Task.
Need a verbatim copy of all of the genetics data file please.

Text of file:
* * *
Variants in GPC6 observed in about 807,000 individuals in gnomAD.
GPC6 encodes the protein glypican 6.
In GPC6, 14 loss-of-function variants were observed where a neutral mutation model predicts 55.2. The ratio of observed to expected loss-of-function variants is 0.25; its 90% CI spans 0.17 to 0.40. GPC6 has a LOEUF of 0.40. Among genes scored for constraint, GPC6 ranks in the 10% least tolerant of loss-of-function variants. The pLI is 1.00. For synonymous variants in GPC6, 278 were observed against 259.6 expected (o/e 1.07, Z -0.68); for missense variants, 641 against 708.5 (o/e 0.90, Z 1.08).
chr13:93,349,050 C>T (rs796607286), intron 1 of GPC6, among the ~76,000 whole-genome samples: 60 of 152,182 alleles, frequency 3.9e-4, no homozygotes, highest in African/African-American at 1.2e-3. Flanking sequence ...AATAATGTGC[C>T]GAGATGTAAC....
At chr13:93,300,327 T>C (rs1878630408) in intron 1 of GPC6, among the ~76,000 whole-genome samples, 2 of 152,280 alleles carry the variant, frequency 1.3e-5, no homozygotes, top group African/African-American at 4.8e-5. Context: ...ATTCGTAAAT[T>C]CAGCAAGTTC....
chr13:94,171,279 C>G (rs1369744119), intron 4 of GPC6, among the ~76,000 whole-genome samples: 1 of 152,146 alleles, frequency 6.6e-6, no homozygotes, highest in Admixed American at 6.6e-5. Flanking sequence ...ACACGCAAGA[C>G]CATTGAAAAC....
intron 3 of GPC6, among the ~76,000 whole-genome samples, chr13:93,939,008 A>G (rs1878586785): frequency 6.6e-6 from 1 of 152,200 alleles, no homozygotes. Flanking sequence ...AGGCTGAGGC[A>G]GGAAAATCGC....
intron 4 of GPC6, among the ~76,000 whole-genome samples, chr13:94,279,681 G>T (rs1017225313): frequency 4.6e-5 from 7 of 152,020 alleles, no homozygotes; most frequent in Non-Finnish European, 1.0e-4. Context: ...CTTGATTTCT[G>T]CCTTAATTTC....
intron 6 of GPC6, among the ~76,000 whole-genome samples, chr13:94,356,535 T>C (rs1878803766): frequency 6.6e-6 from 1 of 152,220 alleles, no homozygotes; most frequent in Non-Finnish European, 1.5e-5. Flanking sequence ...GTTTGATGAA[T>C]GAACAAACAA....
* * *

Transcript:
Variants in GPC6 observed in about 807,000 individuals in gnomAD.
GPC6 encodes the protein glypican 6.
In GPC6, 14 loss-of-function variants were observed where a neutral mutation model predicts 55.2. The ratio of observed to expected loss-of-function variants is 0.25; its 90% CI spans 0.17 to 0.40. GPC6 has a LOEUF of 0.40. Among genes scored for constraint, GPC6 ranks in the 10% least tolerant of loss-of-function variants. The pLI is 1.00. For synonymous variants in GPC6, 278 were observed against 259.6 expected (o/e 1.07, Z -0.68); for missense variants, 641 against 708.5 (o/e 0.90, Z 1.08).
chr13:93,349,050 C>T (rs796607286), intron 1 of GPC6, among the ~76,000 whole-genome samples: 60 of 152,182 alleles, frequency 3.9e-4, no homozygotes, highest in African/African-American at 1.2e-3. Flanking sequence ...AATAATGTGC[C>T]GAGATGTAAC....
At chr13:93,300,327 T>C (rs1878630408) in intron 1 of GPC6, among the ~76,000 whole-genome samples, 2 of 152,280 alleles carry the variant, frequency 1.3e-5, no homozygotes, top group African/African-American at 4.8e-5. Context: ...ATTCGTAAAT[T>C]CAGCAAGTTC....
chr13:94,171,279 C>G (rs1369744119), intron 4 of GPC6, among the ~76,000 whole-genome samples: 1 of 152,146 alleles, frequency 6.6e-6, no homozygotes, highest in Admixed American at 6.6e-5. Flanking sequence ...ACACGCAAGA[C>G]CATTGAAAAC....
intron 3 of GPC6, among the ~76,000 whole-genome samples, chr13:93,939,008 A>G (rs1878586785): frequency 6.6e-6 from 1 of 152,200 alleles, no homozygotes. Flanking sequence ...AGGCTGAGGC[A>G]GGAAAATCGC....
intron 4 of GPC6, among the ~76,000 whole-genome samples, chr13:94,279,681 G>T (rs1017225313): frequency 4.6e-5 from 7 of 152,020 alleles, no homozygotes; most frequent in Non-Finnish European, 1.0e-4. Context: ...CTTGATTTCT[G>T]CCTTAATTTC....
intron 6 of GPC6, among the ~76,000 whole-genome samples, chr13:94,356,535 T>C (rs1878803766): frequency 6.6e-6 from 1 of 152,220 alleles, no homozygotes; most frequent in Non-Finnish European, 1.5e-5. Flanking sequence ...GTTTGATGAA[T>C]GAACAAACAA....